The Passage of Youth: Endurance or Experience?April 03, 2005
Full disclosure: I have not seen this movie. What movie? It's called The Passage of Youth, a six-hour picture produced for Italian TV and released in the U.S. in two three-hour installments by Miramax. I can safely say that, if I see this movie, it will not be in a theater. Even if it's the best film ever made, my viewing will wait until it's available on DVD.
Over the years, I have experienced a growing resistence to long movies. It has nothing to do with the quality of the product, but with the quality of the venue in which it is being shown. Sitting in a regular multiplex theater for more than two hours becomes uncomfortable. Three hours is a borderline nightmare. It's not just the smell of fake butter and the incessant noise of inconsiderate patrons, but the lack of sufficient legroom and seats that turn into torture devices past the 120-minute mark. There are some better theaters around - for me, that means the Ritz 16 - but, even there, where the air smells fresh, no one talks, and the seats are as spacious and comfortable as is possible - three hours is a limit. It's not comfortable to be sitting in essentially one position for any longer.
At home, it's a different story. I have watched five-hour productions in essentially one sitting, stretched out on a couch. The variety of positions is almost limitless, and it's possible to hit the pause button to stetch one's legs, heed a call of nature, or grab a snack. In a theater, the projectioninst doesn't stop for such things, and the idea of an intermission has vanished. (It used to be that any movie longer than 2 1/2 hours had an intermission. Now, 3 1/4 hour films like Titanic and The Return of the King play without stopping until the fat lady sinks.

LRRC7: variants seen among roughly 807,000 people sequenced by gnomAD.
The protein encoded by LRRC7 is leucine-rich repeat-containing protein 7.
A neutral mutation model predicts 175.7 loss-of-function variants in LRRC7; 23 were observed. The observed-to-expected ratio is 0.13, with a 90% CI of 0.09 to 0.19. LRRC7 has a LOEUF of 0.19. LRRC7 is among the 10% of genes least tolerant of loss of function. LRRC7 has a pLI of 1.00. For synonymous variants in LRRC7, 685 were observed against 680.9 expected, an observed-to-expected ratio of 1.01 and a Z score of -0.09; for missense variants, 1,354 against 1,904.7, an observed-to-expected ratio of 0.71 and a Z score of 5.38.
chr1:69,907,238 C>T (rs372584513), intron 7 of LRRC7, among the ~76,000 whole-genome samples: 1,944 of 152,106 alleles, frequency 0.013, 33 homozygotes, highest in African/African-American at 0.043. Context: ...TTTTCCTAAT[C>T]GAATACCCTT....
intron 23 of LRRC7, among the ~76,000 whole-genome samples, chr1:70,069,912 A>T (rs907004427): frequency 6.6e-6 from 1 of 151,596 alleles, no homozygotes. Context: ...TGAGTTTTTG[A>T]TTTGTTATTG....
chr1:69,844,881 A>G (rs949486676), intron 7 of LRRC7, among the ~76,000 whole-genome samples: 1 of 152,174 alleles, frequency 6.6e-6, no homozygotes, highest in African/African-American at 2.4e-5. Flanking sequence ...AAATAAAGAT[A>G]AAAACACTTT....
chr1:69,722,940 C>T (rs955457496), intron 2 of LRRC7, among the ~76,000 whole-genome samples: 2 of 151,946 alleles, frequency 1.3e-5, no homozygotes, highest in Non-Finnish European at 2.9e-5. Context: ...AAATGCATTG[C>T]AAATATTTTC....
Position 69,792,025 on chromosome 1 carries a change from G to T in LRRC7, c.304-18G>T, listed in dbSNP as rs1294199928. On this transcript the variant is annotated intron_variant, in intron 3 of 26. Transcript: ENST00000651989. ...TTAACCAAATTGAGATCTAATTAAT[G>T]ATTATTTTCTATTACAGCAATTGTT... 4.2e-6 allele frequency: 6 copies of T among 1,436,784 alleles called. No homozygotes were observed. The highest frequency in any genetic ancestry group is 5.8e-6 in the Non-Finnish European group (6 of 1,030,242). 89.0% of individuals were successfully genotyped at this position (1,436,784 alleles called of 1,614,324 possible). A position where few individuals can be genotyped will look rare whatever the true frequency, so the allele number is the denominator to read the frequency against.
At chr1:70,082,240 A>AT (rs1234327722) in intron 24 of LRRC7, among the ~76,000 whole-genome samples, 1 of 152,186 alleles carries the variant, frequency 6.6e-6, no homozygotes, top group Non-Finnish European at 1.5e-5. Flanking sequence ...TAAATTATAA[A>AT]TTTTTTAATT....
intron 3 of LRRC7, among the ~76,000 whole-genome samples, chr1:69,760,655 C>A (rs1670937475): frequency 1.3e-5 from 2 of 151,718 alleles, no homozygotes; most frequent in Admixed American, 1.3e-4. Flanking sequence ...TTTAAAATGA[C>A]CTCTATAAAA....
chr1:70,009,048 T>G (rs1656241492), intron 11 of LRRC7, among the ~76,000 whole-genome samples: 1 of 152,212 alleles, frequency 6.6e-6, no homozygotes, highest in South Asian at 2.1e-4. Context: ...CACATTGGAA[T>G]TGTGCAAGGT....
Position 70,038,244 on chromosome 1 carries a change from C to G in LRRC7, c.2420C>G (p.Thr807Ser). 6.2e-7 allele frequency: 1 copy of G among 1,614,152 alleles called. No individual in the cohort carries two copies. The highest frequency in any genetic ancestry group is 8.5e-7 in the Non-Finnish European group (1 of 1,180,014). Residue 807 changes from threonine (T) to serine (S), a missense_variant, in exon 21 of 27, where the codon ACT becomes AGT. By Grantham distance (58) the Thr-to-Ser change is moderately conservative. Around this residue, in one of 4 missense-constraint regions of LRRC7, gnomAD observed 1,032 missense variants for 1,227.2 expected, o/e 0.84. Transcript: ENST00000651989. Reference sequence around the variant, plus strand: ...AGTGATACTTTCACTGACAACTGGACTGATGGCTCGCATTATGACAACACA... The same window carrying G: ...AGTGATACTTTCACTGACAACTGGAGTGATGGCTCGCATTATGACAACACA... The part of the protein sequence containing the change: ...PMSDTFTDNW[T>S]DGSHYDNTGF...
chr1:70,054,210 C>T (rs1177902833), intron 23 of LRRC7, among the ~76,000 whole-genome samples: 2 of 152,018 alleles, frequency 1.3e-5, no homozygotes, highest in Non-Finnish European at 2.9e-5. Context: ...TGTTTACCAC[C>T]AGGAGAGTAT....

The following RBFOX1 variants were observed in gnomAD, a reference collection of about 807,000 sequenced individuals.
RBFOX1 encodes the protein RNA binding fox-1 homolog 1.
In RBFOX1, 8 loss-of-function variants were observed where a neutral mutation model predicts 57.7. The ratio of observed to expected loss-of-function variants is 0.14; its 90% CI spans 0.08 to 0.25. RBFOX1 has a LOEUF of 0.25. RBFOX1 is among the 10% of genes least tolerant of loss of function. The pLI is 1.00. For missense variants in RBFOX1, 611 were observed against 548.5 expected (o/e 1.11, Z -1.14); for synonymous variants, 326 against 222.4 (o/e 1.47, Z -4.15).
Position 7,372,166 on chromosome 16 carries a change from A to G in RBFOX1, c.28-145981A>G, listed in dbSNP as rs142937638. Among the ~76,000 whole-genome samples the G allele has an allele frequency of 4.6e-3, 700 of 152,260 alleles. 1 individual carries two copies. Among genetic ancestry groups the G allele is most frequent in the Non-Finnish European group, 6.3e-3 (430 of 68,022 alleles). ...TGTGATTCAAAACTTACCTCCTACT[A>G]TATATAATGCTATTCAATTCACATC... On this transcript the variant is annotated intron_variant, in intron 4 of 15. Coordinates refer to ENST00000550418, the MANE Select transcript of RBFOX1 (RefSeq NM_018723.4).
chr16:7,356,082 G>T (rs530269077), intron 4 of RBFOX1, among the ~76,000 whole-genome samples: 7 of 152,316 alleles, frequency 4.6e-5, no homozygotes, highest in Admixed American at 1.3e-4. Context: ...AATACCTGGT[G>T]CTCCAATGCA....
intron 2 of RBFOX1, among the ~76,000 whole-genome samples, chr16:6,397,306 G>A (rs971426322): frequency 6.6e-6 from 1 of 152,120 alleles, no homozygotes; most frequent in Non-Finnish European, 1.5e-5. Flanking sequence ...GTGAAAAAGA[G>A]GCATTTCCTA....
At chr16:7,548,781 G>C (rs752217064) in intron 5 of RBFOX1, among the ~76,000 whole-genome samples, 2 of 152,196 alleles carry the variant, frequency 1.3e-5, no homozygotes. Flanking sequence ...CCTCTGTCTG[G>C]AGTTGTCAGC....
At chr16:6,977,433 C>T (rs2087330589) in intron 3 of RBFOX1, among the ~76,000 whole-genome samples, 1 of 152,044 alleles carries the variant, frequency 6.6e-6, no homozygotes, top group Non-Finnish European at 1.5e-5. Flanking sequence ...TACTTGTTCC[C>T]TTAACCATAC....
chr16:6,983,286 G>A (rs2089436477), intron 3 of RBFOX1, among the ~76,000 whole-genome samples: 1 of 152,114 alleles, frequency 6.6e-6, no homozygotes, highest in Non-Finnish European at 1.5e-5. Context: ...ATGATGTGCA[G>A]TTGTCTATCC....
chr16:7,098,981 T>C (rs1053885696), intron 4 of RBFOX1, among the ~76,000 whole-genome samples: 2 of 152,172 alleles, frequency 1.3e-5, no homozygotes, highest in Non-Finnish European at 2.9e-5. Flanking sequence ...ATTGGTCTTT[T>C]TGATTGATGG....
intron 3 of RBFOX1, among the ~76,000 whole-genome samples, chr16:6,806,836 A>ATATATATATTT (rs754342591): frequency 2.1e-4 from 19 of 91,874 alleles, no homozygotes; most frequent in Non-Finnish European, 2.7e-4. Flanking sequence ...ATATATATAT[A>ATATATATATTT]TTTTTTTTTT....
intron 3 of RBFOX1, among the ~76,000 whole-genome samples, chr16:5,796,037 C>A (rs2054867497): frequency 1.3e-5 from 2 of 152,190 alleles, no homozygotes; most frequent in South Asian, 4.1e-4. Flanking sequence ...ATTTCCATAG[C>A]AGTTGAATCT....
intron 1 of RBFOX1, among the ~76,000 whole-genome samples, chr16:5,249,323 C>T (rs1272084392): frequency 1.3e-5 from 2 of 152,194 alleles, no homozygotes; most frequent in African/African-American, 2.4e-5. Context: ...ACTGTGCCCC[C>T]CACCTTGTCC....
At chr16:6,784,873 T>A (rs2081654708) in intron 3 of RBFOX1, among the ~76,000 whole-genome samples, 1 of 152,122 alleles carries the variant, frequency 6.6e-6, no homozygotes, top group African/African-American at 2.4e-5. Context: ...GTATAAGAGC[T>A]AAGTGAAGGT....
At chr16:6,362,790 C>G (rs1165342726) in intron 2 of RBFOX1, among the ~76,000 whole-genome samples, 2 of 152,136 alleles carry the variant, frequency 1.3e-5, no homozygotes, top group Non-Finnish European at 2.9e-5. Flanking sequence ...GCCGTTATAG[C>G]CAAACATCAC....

For me, I guess the ideal running time is between 90 and 120 minutes. Roger Ebert is fond of saying that "a good movie is never too long and a bad movie is never too short." I suppose there's some truth to that. When I'm into a movie, I'm more prone to ignore minor physical discomforts and cramping once the length crests the two-hour mark. But when the film isn't working, restlessness can set in after 15 minutes (or 10 if the star is Jean-Claude Van Damme). The bottom line, however, is that a long motion picture that might be an experience to watch at home risks becoming an exercise in endurance if viewed in a theater. And that's just another reason why home theater viewing isn't only the wave of the future - but the wave of today.
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Note: Someone sent me an e-mail last week encouraging me to write more frequent ReelThoughts. His rationale was that it would be "good for business," which is hard to deny. More Reelthoughts = more pageviews = more opportunities for readers to ...